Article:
That evening, President Christina Paxson sent an e-mail to faculty, students, and staff that said she would personally apologize to Kelly for how he had been treated. “This is a sad day for the Brown community,” she wrote. “I appreciate that some members of our community objected to the views of our invited speaker. However, our University is—above all else—about the free exchange of ideas. Nothing is more antithetical to that value than preventing someone from speaking and other members of the community from hearing that speech and challenging it vigorously in a robust yet civil manner.”
The next night, she convened a forum “to begin a conversation, with the goal of bringing our community together.” More than 600 students, faculty, and administrators packed Alumnae Hall. “My own belief,” Paxson told them, “is that talking in person is the best policy—whether in families or in very large communities.” Professor of Africana Studies Tricia Rose, who directs the Center for Race and Ethnicity, praised the protesters’ courage. “How much time do you give to those who always have the mic?” she asked. History concentrator Dylan O’Farrell ’14 had a different view. “When one person’s rights are violated, all of our rights are violated,” he said.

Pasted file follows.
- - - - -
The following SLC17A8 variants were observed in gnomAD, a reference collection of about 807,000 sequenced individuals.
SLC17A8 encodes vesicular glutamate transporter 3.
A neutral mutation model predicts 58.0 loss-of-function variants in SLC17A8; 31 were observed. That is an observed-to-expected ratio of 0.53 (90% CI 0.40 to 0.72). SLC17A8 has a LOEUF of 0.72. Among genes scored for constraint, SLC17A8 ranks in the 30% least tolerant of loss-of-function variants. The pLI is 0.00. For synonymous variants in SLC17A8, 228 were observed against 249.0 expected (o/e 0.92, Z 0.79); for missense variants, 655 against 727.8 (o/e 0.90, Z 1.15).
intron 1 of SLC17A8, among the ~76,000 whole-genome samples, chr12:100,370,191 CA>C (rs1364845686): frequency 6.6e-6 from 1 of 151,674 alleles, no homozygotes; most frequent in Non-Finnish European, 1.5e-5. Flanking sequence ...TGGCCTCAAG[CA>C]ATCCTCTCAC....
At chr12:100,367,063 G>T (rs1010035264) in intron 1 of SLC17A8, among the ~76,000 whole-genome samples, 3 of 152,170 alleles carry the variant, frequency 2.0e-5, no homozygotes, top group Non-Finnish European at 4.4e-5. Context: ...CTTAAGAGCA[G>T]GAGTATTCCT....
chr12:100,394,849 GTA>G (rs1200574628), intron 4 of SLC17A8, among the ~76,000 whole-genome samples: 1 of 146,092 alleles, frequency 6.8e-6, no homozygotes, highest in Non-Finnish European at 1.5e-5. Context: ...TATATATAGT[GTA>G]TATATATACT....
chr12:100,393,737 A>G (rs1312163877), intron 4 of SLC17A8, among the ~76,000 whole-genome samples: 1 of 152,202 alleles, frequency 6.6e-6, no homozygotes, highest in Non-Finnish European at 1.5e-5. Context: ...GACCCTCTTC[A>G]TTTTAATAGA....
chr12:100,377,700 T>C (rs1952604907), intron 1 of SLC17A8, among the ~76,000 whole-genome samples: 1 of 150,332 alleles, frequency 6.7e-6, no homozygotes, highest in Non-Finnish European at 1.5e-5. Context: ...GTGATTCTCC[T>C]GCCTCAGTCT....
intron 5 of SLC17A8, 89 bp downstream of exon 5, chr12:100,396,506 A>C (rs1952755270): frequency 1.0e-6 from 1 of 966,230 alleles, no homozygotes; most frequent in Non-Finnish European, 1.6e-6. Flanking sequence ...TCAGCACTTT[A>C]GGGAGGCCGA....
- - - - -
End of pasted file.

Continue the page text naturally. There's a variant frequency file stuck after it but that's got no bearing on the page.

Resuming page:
Professor of Political Science Ross Cheit explained that Noah Krieger’s father, who had been sitting in the front row with his wife at the Kelly lecture, had chosen the police commissioner as this year’s speaker because liberal Democrats had spoken the last few years. “Mr. Krieger wanted to spark questions,” Cheit said. “He was looking forward to the Q&A.” Cheit warned that it could now prove difficult to attract unpopular speakers to Brown in the future.
Justice Gaines ’16, who said he’d helped plan the protest, offered an apology to those who wanted to ask questions at the Kelly lecture, but said, “You can’t leave race out of it.” He said the protest was not about ideas, but “about the safety of my body on this campus.” Safety outweighed freedom of speech, he concluded.
A number of questions remained to be answered, among them how the event could have been planned and managed better and what would happen to the students involved in the protest. On November 6, Paxson announced that she would establish a “Committee on the Events of October 29th,” saying, “In similar episodes that have occurred at Brown in the past, students who violated the Code of Student Conduct have been asked to accept responsibility for their actions.”
The committee would first establish the facts about what happened in the days leading up to the Kelly lecture and at the event itself. Depending on the committee’s findings, code of conduct proceedings could begin against some students. Paxson said the committee would then “make recommendations regarding how the University community can maintain an inclusive and supportive environment for all of our students while upholding our deep commitment to the free exchange of ideas.”
“I hadn’t realized how raw and emotional this issue is for a lot of students,” Paxson later admitted, “and for faculty who have been exposed to racial profiling too. “I think what students may not have realized is how strongly, especially at a university, we value freedom of expression.”